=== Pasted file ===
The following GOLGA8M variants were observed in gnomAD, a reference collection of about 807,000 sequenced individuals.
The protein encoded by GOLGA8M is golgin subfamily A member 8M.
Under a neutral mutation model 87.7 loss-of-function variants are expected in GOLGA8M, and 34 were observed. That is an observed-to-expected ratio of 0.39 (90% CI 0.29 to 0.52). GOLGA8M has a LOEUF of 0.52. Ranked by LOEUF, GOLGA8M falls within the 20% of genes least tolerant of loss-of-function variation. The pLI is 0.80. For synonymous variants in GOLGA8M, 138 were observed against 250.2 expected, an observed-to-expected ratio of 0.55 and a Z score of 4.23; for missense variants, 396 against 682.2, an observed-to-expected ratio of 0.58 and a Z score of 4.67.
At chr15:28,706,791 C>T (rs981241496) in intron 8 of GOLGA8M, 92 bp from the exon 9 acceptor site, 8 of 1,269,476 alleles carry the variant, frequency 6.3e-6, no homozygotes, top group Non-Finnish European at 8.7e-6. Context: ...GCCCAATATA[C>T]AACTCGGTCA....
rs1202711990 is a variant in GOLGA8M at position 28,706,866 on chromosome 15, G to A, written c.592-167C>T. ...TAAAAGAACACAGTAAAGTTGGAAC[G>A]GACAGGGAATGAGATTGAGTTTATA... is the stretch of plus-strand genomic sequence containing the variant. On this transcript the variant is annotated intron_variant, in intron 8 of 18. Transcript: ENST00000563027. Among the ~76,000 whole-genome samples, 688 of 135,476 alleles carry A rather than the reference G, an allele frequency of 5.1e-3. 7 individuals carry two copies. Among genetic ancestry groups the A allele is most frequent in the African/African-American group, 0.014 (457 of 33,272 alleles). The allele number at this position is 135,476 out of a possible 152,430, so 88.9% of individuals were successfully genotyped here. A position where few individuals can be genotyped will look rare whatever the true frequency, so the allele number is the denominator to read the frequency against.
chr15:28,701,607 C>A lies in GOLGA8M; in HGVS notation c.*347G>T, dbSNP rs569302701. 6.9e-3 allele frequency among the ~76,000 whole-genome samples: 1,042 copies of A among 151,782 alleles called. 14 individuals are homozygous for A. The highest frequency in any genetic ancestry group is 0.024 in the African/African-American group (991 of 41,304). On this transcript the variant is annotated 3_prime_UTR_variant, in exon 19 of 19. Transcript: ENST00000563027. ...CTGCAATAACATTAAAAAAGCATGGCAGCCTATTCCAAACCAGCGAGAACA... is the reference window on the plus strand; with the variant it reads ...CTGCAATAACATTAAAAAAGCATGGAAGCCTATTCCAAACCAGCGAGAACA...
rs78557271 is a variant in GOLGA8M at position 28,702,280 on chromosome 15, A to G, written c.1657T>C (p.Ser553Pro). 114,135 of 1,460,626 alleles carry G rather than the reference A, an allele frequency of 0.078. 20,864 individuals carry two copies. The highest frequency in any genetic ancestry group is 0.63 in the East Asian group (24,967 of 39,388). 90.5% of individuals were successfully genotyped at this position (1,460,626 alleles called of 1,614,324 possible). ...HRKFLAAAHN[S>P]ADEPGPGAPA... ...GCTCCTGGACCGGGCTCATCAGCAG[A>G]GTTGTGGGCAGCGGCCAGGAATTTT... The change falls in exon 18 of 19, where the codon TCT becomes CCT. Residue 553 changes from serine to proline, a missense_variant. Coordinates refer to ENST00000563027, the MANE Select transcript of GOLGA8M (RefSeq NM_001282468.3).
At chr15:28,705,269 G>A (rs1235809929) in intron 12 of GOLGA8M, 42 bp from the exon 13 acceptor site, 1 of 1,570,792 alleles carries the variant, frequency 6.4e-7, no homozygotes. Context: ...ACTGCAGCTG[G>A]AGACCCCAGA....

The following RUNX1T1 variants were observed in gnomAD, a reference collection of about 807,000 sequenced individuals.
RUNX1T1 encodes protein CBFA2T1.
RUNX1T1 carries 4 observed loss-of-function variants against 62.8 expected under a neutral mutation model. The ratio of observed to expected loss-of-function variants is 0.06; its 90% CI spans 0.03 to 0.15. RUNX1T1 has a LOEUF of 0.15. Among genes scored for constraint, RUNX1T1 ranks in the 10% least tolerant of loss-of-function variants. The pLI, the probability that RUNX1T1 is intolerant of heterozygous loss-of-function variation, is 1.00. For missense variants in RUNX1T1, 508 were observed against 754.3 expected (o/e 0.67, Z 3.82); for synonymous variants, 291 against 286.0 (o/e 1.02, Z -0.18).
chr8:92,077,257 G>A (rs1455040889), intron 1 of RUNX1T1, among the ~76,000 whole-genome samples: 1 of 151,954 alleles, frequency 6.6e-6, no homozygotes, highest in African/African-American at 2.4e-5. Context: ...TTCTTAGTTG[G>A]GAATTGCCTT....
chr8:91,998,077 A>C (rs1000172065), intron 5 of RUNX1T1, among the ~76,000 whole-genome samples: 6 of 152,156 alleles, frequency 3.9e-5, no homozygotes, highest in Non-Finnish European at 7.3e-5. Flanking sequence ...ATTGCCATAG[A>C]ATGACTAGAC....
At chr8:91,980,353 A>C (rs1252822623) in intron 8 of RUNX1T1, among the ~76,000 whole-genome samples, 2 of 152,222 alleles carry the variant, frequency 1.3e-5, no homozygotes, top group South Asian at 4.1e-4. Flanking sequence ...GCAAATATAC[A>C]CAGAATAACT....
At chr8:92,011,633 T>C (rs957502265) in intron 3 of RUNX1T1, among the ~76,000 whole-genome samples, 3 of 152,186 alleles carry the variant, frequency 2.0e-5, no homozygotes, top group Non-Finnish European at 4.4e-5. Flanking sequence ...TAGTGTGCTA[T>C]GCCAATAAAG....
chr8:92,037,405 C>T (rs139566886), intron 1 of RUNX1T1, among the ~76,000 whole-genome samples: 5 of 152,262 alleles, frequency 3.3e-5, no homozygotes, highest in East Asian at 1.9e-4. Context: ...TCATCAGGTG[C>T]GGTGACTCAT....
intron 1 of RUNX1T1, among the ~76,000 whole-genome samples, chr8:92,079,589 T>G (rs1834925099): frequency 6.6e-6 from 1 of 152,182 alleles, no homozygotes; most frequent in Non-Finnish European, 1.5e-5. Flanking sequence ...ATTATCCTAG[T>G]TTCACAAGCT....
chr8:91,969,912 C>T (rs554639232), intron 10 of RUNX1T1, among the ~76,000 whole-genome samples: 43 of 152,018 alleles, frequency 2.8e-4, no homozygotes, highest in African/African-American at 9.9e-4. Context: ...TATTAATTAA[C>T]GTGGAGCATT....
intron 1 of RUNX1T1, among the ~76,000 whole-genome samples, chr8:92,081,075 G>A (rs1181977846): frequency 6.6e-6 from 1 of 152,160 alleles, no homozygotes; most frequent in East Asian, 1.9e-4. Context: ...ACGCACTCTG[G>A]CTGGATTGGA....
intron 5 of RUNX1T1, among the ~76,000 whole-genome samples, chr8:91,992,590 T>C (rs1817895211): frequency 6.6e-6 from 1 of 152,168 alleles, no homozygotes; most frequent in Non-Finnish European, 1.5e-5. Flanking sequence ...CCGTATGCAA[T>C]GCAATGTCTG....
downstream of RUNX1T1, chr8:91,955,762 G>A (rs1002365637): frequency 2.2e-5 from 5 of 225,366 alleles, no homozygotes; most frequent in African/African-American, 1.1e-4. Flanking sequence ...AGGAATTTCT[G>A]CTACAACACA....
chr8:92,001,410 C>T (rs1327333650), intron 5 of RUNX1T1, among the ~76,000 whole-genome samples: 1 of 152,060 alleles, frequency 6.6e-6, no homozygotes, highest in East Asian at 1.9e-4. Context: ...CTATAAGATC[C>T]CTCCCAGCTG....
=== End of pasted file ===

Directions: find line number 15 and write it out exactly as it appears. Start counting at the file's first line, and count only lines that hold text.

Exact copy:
At chr8:92,011,633 T>C (rs957502265) in intron 3 of RUNX1T1, among the ~76,000 whole-genome samples, 3 of 152,186 alleles carry the variant, frequency 2.0e-5, no homozygotes, top group Non-Finnish European at 4.4e-5. Flanking sequence ...TAGTGTGCTA[T>C]GCCAATAAAG....